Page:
Valkyria Chronicles managed to stay sincere and pragmatic when it came to its benevolent and unforgettable story. In other thematically similar games surrounding its original release on PS3, interpretations of war in gaming could come across as melodramatic (Metal Gear Solid 4). However, Valkyria Chronicles garnered well-deserved attention through its homely atmosphere and tepid aesthetic. Valkyria Chronicles Remastered is the definitive way to experience what many consider a cult-classic. With updated textures, DLC extras, and trophy support–this revitalized edition of the classic proves just how well SEGA’s somewhat unconvential strategy RPG holds up almost ten years later.
I had never completed the 50 hour campaign in Valkyria Chronicles during the games original release on PS3. And with this remaster I finally managed to finish what was ultimately a game consisting of charming and unforgettable characters, juxtaposed by an inviting backstory that consisted of faux History Channel-like documentaries. These cutscenes added flavor to a world which was repeatedly making me care about a fictitious Europa and its inhabitants. Its character-building took cues from popular RPGs that consisted of seminal rosters, specifically creating genuine quirks for each soldier that never became obnoxious. And while Squad-7 never managed to reach the heights of other groups of soldiers in fiction, Valkyria Chronicles by-the-books approach is endearing with how much respect and attachment you end up donating involuntarily to Squad-7. A lot of this takes into account the seminal voice acting from talents such as Laura Bailey (Tales From The Borderlands), Dave Wittenburg (Resident Evil), and Colleen O’Shaughnessey (Spirited Away). However, recycling actors make characters sound almost exactly alike and occasional misdirection for voice-acting creates somewhat of a disingenuous intention for otherwise great writing.
As for the Gameplay, Valkyria Chronicles takes obvious influence from other Strategy-RPGs such as Final Fantasy Tactics and X-com; siphoning their core concepts into a system that’s much more transparent than either of those series could be alone. However, there’s nothing cheap or overtly-simplistic in Valkyria Chronicles. The game forces you to be completely thoughtful with each move you make since every step drains away a rapidly depleting meter that when run dry means that a unit’s turn is over. Another great mechanic is that each attack requires pinpoint accuracy from the player themselves via over-the-shoulder action. It’s a great battle-system that deepens itself as the game progresses and continues to remain fresh and exciting almost 50 hours in. What also helps is the OST that’s presented during the game, as each orchestral piece tonally fits with the set-pieces and moods retaining its whimsical aesthetic even towards battle themes.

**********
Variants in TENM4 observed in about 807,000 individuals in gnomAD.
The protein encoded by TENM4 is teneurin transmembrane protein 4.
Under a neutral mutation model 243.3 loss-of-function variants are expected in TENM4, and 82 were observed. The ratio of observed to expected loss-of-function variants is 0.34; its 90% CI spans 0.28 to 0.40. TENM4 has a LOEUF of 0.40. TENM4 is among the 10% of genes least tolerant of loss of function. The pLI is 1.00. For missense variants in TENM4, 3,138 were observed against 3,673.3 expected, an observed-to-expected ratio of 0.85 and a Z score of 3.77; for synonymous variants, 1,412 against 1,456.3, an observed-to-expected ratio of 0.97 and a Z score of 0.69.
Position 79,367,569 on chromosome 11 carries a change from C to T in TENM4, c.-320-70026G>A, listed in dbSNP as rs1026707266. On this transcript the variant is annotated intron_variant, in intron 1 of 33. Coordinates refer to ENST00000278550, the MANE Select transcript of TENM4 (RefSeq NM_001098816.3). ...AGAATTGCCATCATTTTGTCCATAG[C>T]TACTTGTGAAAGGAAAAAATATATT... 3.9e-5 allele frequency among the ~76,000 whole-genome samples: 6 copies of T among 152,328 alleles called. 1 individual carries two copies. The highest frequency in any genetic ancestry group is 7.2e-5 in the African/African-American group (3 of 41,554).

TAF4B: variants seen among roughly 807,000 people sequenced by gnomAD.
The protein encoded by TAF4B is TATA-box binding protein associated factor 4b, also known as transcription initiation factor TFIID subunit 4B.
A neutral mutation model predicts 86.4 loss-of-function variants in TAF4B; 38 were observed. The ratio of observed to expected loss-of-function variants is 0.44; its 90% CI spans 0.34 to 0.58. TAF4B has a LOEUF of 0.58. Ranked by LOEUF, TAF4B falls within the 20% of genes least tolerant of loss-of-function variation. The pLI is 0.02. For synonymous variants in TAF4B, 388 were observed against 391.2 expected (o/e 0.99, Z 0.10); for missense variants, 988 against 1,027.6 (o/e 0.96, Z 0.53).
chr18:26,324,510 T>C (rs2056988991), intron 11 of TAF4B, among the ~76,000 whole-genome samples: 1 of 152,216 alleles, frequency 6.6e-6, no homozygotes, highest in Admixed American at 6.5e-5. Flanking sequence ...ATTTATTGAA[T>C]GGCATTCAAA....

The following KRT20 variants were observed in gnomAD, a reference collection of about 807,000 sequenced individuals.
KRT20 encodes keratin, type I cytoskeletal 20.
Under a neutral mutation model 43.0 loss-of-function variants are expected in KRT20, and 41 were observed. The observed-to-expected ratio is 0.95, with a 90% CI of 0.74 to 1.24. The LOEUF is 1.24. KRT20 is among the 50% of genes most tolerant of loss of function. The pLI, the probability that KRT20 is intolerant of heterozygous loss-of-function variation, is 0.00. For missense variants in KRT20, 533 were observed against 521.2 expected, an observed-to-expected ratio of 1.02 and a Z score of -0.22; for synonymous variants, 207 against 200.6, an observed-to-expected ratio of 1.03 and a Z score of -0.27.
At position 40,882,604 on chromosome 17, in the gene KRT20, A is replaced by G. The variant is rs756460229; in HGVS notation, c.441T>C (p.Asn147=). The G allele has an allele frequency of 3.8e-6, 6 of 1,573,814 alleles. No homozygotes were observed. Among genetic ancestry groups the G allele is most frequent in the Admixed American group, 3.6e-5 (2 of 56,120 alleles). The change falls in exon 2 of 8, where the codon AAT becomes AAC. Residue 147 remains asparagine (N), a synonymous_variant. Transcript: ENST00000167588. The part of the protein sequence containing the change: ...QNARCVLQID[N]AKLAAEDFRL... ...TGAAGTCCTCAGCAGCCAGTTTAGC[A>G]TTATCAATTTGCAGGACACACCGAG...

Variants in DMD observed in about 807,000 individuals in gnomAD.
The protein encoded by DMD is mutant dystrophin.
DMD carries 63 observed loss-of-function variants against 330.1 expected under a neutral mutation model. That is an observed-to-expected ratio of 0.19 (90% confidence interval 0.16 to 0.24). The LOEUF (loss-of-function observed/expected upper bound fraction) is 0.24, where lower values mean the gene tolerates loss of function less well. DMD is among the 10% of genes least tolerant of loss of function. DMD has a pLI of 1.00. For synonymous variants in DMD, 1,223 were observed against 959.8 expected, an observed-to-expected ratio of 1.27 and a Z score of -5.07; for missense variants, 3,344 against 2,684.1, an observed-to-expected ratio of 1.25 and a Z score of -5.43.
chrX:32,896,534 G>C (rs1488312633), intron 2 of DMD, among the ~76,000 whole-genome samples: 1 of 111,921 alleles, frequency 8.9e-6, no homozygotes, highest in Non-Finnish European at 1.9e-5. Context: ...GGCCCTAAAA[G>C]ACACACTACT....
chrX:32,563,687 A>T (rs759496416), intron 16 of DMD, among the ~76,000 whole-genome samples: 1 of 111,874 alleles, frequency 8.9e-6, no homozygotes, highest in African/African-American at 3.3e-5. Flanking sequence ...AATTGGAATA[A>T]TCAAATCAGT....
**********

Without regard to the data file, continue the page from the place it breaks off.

While many will consider Valkyria Chronicles Remastered to be somewhat of a bare-bones rerelease considering the fact that it’s almost ten years old and was just revitalized by a new coat of paint. Take into consideration the amount of content your getting for about $30 and the quality, it becomes evident that Valkyria Chronicles Remastered is indeed a bargain for its price. And while added features or at the very least a demo for Valkyria Azure Revolution would’ve been a nice incentive for owners of the original release, if you are one of those unlucky to have experienced Valkyria Chronicles when it first came out on PS3. Then this is the perfect opportunity to snatch it up. Even if you have already gone through Valkyria Chronicles, the added trophy support is worth at least another play-through (if you’re into trophy collecting) and if you’ve already played the game then you already know how incredible it is enough to give it another playthrough.